Breast cancer is one of the most common cancers in the world. Each year in the UK there are more than 55,000 new cases, and the disease claims the lives of 11,500 women. In the US, it strikes 266,000 each year and kills 40,000. But what causes it and how can it be treated?

What is breast cancer?

Breast cancer develops from a cancerous cell which develops in the lining of a duct or lobule in one of the breasts.

When the breast cancer has spread into surrounding breast tissue it is called an 'invasive' breast cancer. Some people are diagnosed with 'carcinoma in situ', where no cancer cells have grown beyond the duct or lobule.

Most cases develop in women over the age of 50 but younger women are sometimes affected. Breast cancer can develop in men though this is rare.

Staging means how big the cancer is and whether it has spread. Stage 1 is the earliest stage and stage 4 means the cancer has spread to another part of the body.

The cancerous cells are graded from low, which means a slow growth, to high, which is fast growing. High grade cancers are more likely to come back after they have first been treated.

What causes breast cancer?

A cancerous tumour starts from one abnormal cell. The exact reason why a cell becomes cancerous is unclear. It is thought that something damages or alters certain genes in the cell. This makes the cell abnormal and multiply 'out of control'.

Although breast cancer can develop for no apparent reason, there are some risk factors that can increase the chance of developing breast cancer, such as genetics.

What are the symptoms of breast cancer?

The usual first symptom is a painless lump in the breast, although most breast lumps are not cancerous and are fluid filled cysts, which are benign.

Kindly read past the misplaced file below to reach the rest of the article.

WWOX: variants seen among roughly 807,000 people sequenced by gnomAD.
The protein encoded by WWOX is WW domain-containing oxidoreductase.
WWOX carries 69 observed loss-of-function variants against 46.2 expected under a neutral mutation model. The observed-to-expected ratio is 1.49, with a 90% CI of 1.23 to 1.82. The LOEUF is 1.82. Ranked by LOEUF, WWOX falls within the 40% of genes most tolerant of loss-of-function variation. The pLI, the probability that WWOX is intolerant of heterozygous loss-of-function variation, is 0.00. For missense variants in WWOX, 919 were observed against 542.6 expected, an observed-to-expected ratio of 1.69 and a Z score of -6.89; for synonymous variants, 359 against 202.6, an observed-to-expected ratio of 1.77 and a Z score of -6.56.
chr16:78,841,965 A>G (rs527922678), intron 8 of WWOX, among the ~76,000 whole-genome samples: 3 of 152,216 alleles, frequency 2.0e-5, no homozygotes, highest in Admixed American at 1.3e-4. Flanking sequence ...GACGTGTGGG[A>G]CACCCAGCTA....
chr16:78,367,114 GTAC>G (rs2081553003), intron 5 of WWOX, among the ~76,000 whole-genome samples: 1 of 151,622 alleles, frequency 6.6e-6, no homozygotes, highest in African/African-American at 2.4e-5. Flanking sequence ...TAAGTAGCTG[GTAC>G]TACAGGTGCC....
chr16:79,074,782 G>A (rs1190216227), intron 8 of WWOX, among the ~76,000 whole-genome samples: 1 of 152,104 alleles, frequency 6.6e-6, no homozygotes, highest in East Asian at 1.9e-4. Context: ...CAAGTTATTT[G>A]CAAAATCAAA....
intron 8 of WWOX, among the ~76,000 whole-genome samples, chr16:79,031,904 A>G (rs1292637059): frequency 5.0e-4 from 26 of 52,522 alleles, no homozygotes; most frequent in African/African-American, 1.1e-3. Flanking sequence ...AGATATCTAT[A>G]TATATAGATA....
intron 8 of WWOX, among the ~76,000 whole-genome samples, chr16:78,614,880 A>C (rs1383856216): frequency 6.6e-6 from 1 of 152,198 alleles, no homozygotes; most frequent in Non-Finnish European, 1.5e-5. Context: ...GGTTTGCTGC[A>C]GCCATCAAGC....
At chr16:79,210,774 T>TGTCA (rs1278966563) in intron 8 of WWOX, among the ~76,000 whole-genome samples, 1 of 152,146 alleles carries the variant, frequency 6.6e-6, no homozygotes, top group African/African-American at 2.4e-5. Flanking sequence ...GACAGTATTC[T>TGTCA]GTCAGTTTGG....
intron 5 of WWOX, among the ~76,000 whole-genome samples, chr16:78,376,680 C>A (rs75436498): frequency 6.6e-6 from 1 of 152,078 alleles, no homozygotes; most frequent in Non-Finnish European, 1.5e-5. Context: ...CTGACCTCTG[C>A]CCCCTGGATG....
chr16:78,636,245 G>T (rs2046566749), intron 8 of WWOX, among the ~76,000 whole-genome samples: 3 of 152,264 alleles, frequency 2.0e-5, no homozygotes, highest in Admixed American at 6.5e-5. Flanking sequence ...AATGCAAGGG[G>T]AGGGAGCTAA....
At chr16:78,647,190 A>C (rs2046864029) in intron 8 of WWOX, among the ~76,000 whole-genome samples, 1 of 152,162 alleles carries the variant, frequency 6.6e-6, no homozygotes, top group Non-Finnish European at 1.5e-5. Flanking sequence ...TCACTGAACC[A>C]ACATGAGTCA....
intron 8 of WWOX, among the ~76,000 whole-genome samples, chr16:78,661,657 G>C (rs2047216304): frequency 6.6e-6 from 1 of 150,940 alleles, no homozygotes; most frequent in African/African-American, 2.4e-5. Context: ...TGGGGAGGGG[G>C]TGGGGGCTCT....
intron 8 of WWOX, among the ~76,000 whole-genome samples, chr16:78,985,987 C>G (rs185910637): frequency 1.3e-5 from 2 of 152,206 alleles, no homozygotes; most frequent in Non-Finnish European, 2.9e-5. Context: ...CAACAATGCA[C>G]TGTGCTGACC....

The first place that breast cancer usually spreads to is the lymph nodes in the armpit. If this occurs you will develop a swelling or lump in an armpit.

How is breast cancer diagnosed?

  • Initial assessment: A doctor examines the breasts and armpits. They may do tests such as a mammography, a special x-ray of the breast tissue which can indicate the possibility of tumours.
  • Biopsy: A biopsy is when a small sample of tissue is removed from a part of the body. The sample is then examined under the microscope to look for abnormal cells. The sample can confirm or rule out cancer.

If you are confirmed to have breast cancer, further tests may be needed to assess if it has spread. For example, blood tests, an ultrasound scan of the liver or a chest x-ray.

How is breast cancer treated?

Treatment options which may be considered include surgery, chemotherapy, radiotherapy and hormone treatment. Often a combination of two or more of these treatments are used.

  • Surgery: Breast-conserving surgery or the removal of the affected breast depending on the size of the tumour.
  • Radiotherapy: A treatment which uses high energy beams of radiation focussed on cancerous tissue. This kills cancer cells, or stops cancer cells from multiplying. It is mainly used in addition to surgery.
  • Chemotherapy: A treatment of cancer by using anti-cancer drugs which kill cancer cells, or stop them from multiplying
  • Hormone treatments: Some types of breast cancer are affected by the 'female' hormone oestrogen, which can stimulate the cancer cells to divide and multiply. Treatments which reduce the level of these hormones, or prevent them from working, are commonly used in people with breast cancer.

How successful is treatment?

The outlook is best in those who are diagnosed when the cancer is still small, and has not spread. Surgical removal of a tumour in an early stage may then give a good chance of cure.

The routine mammography offered to women between the ages of 50 and 70 mean more breast cancers are being diagnosed and treated at an early stage.